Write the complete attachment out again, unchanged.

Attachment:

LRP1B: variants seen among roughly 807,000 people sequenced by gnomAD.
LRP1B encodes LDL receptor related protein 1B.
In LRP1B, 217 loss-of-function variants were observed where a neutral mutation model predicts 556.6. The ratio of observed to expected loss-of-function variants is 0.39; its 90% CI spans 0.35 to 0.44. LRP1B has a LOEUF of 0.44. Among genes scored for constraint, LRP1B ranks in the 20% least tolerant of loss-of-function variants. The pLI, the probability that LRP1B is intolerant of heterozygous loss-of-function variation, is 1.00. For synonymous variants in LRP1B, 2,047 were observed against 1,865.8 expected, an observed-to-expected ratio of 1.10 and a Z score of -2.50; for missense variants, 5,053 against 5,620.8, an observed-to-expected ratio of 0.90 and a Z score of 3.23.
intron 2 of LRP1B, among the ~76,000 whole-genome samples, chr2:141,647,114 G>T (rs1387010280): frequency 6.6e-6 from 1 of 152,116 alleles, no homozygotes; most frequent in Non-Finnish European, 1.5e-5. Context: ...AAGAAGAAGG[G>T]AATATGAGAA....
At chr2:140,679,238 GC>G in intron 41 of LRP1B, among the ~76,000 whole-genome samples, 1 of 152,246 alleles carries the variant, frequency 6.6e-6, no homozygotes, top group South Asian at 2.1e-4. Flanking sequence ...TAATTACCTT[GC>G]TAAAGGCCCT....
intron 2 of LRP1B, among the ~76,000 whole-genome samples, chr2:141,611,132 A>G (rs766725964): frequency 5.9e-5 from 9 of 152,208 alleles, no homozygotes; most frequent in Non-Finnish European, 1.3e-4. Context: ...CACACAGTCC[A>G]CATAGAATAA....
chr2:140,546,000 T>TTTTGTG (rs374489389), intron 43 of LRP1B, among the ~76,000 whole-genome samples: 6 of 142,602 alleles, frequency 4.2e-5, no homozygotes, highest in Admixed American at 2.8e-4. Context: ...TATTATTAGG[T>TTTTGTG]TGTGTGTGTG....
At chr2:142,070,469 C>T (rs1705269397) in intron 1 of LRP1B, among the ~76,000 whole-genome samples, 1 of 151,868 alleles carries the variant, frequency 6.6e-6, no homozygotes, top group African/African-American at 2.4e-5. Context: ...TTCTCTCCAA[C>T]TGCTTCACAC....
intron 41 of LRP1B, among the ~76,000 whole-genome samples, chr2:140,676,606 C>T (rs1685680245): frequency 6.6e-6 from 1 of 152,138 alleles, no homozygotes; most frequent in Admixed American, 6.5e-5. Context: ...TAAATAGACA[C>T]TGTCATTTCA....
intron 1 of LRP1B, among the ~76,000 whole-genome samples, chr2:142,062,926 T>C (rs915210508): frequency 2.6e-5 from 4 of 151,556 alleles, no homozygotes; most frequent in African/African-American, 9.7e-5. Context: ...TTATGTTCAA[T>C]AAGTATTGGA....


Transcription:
LRP1B: variants seen among roughly 807,000 people sequenced by gnomAD.
LRP1B encodes LDL receptor related protein 1B.
In LRP1B, 217 loss-of-function variants were observed where a neutral mutation model predicts 556.6. The ratio of observed to expected loss-of-function variants is 0.39; its 90% CI spans 0.35 to 0.44. LRP1B has a LOEUF of 0.44. Among genes scored for constraint, LRP1B ranks in the 20% least tolerant of loss-of-function variants. The pLI, the probability that LRP1B is intolerant of heterozygous loss-of-function variation, is 1.00. For synonymous variants in LRP1B, 2,047 were observed against 1,865.8 expected, an observed-to-expected ratio of 1.10 and a Z score of -2.50; for missense variants, 5,053 against 5,620.8, an observed-to-expected ratio of 0.90 and a Z score of 3.23.
intron 2 of LRP1B, among the ~76,000 whole-genome samples, chr2:141,647,114 G>T (rs1387010280): frequency 6.6e-6 from 1 of 152,116 alleles, no homozygotes; most frequent in Non-Finnish European, 1.5e-5. Context: ...AAGAAGAAGG[G>T]AATATGAGAA....
At chr2:140,679,238 GC>G in intron 41 of LRP1B, among the ~76,000 whole-genome samples, 1 of 152,246 alleles carries the variant, frequency 6.6e-6, no homozygotes, top group South Asian at 2.1e-4. Flanking sequence ...TAATTACCTT[GC>G]TAAAGGCCCT....
intron 2 of LRP1B, among the ~76,000 whole-genome samples, chr2:141,611,132 A>G (rs766725964): frequency 5.9e-5 from 9 of 152,208 alleles, no homozygotes; most frequent in Non-Finnish European, 1.3e-4. Context: ...CACACAGTCC[A>G]CATAGAATAA....
chr2:140,546,000 T>TTTTGTG (rs374489389), intron 43 of LRP1B, among the ~76,000 whole-genome samples: 6 of 142,602 alleles, frequency 4.2e-5, no homozygotes, highest in Admixed American at 2.8e-4. Context: ...TATTATTAGG[T>TTTTGTG]TGTGTGTGTG....
At chr2:142,070,469 C>T (rs1705269397) in intron 1 of LRP1B, among the ~76,000 whole-genome samples, 1 of 151,868 alleles carries the variant, frequency 6.6e-6, no homozygotes, top group African/African-American at 2.4e-5. Context: ...TTCTCTCCAA[C>T]TGCTTCACAC....
intron 41 of LRP1B, among the ~76,000 whole-genome samples, chr2:140,676,606 C>T (rs1685680245): frequency 6.6e-6 from 1 of 152,138 alleles, no homozygotes; most frequent in Admixed American, 6.5e-5. Context: ...TAAATAGACA[C>T]TGTCATTTCA....
intron 1 of LRP1B, among the ~76,000 whole-genome samples, chr2:142,062,926 T>C (rs915210508): frequency 2.6e-5 from 4 of 151,556 alleles, no homozygotes; most frequent in African/African-American, 9.7e-5. Context: ...TTATGTTCAA[T>C]AAGTATTGGA....